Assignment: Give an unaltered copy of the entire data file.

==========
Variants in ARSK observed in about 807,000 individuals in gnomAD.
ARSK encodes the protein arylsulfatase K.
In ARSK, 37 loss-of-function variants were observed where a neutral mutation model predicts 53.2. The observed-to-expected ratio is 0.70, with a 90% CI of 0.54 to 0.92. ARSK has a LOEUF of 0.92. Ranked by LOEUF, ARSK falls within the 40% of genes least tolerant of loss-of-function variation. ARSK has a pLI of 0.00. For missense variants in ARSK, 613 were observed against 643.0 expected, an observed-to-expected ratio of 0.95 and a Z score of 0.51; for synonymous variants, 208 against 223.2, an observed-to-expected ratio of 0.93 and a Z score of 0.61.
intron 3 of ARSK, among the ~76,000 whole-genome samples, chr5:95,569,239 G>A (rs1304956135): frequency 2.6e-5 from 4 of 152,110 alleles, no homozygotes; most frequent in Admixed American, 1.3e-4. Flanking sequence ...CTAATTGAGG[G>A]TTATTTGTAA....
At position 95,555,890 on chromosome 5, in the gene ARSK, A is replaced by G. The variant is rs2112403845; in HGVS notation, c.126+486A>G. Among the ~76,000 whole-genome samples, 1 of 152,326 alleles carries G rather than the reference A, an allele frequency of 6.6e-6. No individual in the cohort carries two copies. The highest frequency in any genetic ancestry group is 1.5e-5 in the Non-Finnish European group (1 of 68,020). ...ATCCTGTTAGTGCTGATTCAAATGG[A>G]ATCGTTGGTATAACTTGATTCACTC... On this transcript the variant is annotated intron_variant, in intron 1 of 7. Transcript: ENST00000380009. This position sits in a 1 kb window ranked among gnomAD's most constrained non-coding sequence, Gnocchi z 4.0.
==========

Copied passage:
Variants in ARSK observed in about 807,000 individuals in gnomAD.
ARSK encodes the protein arylsulfatase K.
In ARSK, 37 loss-of-function variants were observed where a neutral mutation model predicts 53.2. The observed-to-expected ratio is 0.70, with a 90% CI of 0.54 to 0.92. ARSK has a LOEUF of 0.92. Ranked by LOEUF, ARSK falls within the 40% of genes least tolerant of loss-of-function variation. ARSK has a pLI of 0.00. For missense variants in ARSK, 613 were observed against 643.0 expected, an observed-to-expected ratio of 0.95 and a Z score of 0.51; for synonymous variants, 208 against 223.2, an observed-to-expected ratio of 0.93 and a Z score of 0.61.
intron 3 of ARSK, among the ~76,000 whole-genome samples, chr5:95,569,239 G>A (rs1304956135): frequency 2.6e-5 from 4 of 152,110 alleles, no homozygotes; most frequent in Admixed American, 1.3e-4. Flanking sequence ...CTAATTGAGG[G>A]TTATTTGTAA....
At position 95,555,890 on chromosome 5, in the gene ARSK, A is replaced by G. The variant is rs2112403845; in HGVS notation, c.126+486A>G. Among the ~76,000 whole-genome samples, 1 of 152,326 alleles carries G rather than the reference A, an allele frequency of 6.6e-6. No individual in the cohort carries two copies. The highest frequency in any genetic ancestry group is 1.5e-5 in the Non-Finnish European group (1 of 68,020). ...ATCCTGTTAGTGCTGATTCAAATGG[A>G]ATCGTTGGTATAACTTGATTCACTC... On this transcript the variant is annotated intron_variant, in intron 1 of 7. Transcript: ENST00000380009. This position sits in a 1 kb window ranked among gnomAD's most constrained non-coding sequence, Gnocchi z 4.0.